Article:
What an inspirational story the Chilean miner rescue is.
And boy did I need it.
I’ll be honest, my faith in humanity was a little shaken after last week. First, firefighters who are paid to protect the public let a house burn down in Tennessee over $75. Then, I wrote my column about how awful I thought that was, and more people e-mailed to tell me how letting the Cranick family’s house burn was the right thing to do than e-mailed to say attaboy. (One guy actually said, “Screw the Cranicks!” Can you believe that?)
So you can see how I would be depressed.
Then came this miner rescue story. It’s been absolutely riveting and I can’t get enough.
The rescuers and the rescued have seemingly done everything right without the least bit of scandal or controversy. (Well, except for that one guy whose girlfriend and wife met at the scene. He probably contemplated staying down in the mine.)
But otherwise this story has every kind of human inspiration element imaginable, from families that camped out at Camp Hope to leaders who weren’t afraid to seek out help from the best and brightest all over the world. Then of course, there is the bravery of the 33 trapped men.
The miners stuck it out in conditions I wouldn’t wish on the guy who said “Screw the Cranicks,” held together by shift foreman Luis Urzua, who by all accounts is The Man. I know if I was stuck 2,000 feet down in a literal hellhole, I’d want a man like him in charge.
The strength of their spirit can not be overstated either. A lot of people would’ve given up. These men didn’t. And after watching the rescue, I can see why not.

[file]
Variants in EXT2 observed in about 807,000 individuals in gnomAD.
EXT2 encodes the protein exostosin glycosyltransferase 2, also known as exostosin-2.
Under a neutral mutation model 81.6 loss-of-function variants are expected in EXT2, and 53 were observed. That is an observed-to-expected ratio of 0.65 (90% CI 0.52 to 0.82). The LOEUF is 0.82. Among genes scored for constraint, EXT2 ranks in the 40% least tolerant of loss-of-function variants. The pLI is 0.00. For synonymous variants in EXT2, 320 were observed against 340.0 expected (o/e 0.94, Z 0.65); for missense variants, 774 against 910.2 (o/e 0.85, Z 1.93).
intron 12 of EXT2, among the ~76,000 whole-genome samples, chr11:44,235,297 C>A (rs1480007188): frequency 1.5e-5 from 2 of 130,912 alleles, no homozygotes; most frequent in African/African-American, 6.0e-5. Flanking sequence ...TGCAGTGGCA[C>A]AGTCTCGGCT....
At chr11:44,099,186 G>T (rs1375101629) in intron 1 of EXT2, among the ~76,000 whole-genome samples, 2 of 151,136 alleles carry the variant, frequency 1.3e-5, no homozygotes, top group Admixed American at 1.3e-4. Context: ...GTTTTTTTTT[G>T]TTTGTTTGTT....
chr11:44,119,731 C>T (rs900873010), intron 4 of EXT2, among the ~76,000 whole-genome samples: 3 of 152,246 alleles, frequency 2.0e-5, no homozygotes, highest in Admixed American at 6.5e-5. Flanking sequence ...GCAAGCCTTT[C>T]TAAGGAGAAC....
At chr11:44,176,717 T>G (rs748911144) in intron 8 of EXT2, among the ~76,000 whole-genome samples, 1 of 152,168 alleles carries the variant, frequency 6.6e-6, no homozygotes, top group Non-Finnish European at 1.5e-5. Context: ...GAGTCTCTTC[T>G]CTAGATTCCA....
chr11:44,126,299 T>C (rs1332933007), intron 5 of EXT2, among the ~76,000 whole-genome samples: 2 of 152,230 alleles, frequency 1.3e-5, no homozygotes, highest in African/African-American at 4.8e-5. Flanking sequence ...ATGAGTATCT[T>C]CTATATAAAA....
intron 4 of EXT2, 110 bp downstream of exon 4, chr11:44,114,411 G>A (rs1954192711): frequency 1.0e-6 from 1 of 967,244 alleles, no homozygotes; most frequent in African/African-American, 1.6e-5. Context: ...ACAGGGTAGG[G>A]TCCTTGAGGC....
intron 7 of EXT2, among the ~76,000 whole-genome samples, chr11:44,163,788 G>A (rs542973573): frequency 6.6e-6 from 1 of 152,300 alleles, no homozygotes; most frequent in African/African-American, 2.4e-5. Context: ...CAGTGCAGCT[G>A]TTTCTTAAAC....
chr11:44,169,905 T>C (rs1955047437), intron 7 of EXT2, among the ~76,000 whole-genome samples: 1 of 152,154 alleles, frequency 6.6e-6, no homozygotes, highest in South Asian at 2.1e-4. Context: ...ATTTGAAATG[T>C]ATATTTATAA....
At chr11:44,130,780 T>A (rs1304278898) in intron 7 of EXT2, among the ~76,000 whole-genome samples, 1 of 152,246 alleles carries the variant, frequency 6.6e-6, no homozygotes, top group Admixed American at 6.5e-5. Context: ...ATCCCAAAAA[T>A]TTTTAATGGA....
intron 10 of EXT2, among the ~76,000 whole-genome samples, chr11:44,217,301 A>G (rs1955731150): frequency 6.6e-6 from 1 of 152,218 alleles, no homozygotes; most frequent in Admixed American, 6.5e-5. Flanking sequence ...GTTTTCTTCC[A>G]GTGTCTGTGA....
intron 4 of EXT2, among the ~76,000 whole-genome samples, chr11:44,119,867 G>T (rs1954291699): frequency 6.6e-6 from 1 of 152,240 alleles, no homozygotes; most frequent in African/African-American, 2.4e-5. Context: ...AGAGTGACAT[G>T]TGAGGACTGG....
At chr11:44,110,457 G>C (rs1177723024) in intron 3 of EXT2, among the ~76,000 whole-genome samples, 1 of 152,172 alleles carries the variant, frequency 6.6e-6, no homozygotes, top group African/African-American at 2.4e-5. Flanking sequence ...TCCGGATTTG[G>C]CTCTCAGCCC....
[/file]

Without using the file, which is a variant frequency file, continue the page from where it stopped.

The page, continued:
The rescuers thought of everything, from the changes in temperature and pressure the men would experience in their ascent, to the high-quality sunglasses provided by Oakley (an American company) to protect their eyes from being ravaged by dust and bright sunlight, to not risking flying the men in helicopters during Chile’s fog-heavy nights.
The confidence of the rescuers was supreme. As reported by the Associated Press, Mining Minister Laurence Golborne said, ‘‘There is no need to try to start guessing what could go wrong. We have done that job,’’ Golborne said. ‘‘We have hundreds of different contingencies.’’
That’s the kind of leadership you need in a crisis.
And what about Jeff Hart, the real-life version of Bruce Willis’ character in “Armageddon”? For 33 days, the American ran the drill that eventually broke through to the trapped miners. Know what he was doing before that? Just drilling wells. In Afghanistan. Makes our lives seem kind of dull, doesn’t it?
Before this, my knowledge of Chile was limited to knowing what continent it was on. Now, I add to that the knowledge that the people have an awesome, inspiring spirit, and they’ve given the world a shot in the arm that it sorely needed.
And to the 33, welcome back.
E-mail Nate McCullough at firstname.lastname@example.org. His column appears on Fridays.